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affected answer appear arms army arrived beautiful became become believed better body Bonchamps brave brought called carried Catherine caused charge Charles child circumstances command completed considerable courage danger daughter death desired dread duty efforts enabled enduring enemy escape excellent faith father fear feelings follow force friends gave girl give given hand happiness head heart honour hope human husband interest Italy Joan King Lady Lady Sale learned leave less live Madame marriage married means mind minister morning mother needed never night object occasion offered officers once owing passed persons Peter poor position presented prison received remained result Roland seemed sense sent soldiers soon spirit strong suffering taken thought thousand tion took true vessel whole wife woman young
Page 46 - Their blood is shed In confirmation of the noblest claim — Our claim to feed upon immortal truth, To walk with God, to be divinely free, To soar, and to anticipate the skies.
Page 248 - So live, that, when thy summons comes to join The innumerable caravan, that moves To the pale realms of shade, where each shall take His chamber in the silent halls of death, Thou go not, like the quarry-slave at night, Scourged to his dungeon ; but, sustained and soothed By an unfaltering trust, approach thy grave, Like one who wraps the drapery of his couch About him, and lies down to pleasant dreams LESSON XV.
Page 57 - Or man, or woman. Yet I argue not Against Heaven's hand or will, nor bate a jot Of heart or hope ; but still bear up and steer Right onward.
Page ii - And thou, too, whosoe'er thou art, That readest this brief psalm, As one by one thy hopes depart Be resolute and calm. O fear not in a world like this, And thou shalt know ere long, Know how sublime a thing it is To suffer and be strong.
Page 55 - I will burn the paper and hang the bearer. This is the immutable resolution, and shall be the undoubted practice of him who accounts it...
Page 95 - Charles's honour, that, as one of his chance attendants declares, "he used to say, that the fatigues and distresses he "underwent signified nothing at all, because he was only " a single person, but when he reflected upon the many brave "fellows who suffered in his cause, that, he behoved to own, " did strike him to the heart , and did sink very deep within "him.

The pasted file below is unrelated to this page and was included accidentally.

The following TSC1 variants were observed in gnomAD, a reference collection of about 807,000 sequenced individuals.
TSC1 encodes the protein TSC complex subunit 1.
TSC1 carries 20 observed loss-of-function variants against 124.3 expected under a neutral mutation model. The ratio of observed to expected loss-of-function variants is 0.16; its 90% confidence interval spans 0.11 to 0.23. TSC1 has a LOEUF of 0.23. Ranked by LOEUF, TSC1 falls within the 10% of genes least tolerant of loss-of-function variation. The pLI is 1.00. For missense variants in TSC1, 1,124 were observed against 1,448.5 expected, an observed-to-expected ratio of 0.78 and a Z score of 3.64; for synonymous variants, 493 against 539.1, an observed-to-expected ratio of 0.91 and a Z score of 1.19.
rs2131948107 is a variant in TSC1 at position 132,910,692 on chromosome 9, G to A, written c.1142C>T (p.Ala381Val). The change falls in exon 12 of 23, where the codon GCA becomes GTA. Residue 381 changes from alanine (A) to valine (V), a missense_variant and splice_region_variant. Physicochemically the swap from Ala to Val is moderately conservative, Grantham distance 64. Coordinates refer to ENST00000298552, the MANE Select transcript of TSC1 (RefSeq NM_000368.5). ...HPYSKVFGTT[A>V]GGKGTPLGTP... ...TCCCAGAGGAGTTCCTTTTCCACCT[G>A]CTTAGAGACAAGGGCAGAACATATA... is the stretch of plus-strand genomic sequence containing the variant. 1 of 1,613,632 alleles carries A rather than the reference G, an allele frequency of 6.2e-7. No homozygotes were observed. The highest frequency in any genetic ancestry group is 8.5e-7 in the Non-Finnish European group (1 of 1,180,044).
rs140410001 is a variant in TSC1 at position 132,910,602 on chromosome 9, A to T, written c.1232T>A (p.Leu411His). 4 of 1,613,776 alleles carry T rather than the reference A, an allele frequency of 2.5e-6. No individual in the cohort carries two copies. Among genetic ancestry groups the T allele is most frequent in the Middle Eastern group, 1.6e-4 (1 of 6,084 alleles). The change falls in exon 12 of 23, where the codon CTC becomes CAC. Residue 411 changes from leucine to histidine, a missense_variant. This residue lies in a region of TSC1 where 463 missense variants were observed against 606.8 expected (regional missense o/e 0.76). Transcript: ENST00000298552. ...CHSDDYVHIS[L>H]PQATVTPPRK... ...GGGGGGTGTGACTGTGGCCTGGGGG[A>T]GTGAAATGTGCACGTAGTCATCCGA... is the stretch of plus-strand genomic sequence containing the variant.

Page 40 - The dissatisfaction of the Romish clergy against Cranmer, now began to assume a darker form. It was commonly reported that " Gardiner had bent his bow to shoot at some of the head deer," and at his instigation or encouragement, several of the clergy of Canterbury engaged in machinations against the archbishop.
Page 225 - What though the spicy breezes Blow soft o'er Ceylon's isle, Though every prospect pleases, And only man is vile ; In vain with lavish kindness The gifts of God are strown ; The heathen in his blindness Bows down to wood and stone.
Page 167 - DEANS; REFUSING THE SLIGHTEST DEPARTURE FROM VERACITY, EVEN TO SAVE THE LIFE OF A SISTER, SHE NEVERTHELESS SHOWED HER KINDNESS AND FORTITUDE, IN RESCUING HER FROM THE SEVERITY OF THE LAW AT THE EXPENSE OF PERSONAL EXERTIONS WHICH THE TIME RENDERED AS DIFFICULT AS THE MOTIVE WAS LAUDABLE. RESPECT THE GRAVE OF POVERTY WHEN COMBINED WITH LOVE OF TRUTH AND DEAR AFFECTION.
Page 45 - I desire you not to believe of me such wickedness : for I doubt it not, but God will perform his work in me, like as he hath begun. I understand the council is not a little displeased, that it should be reported abroad that I was racked in the Tower. They say now, that what they did...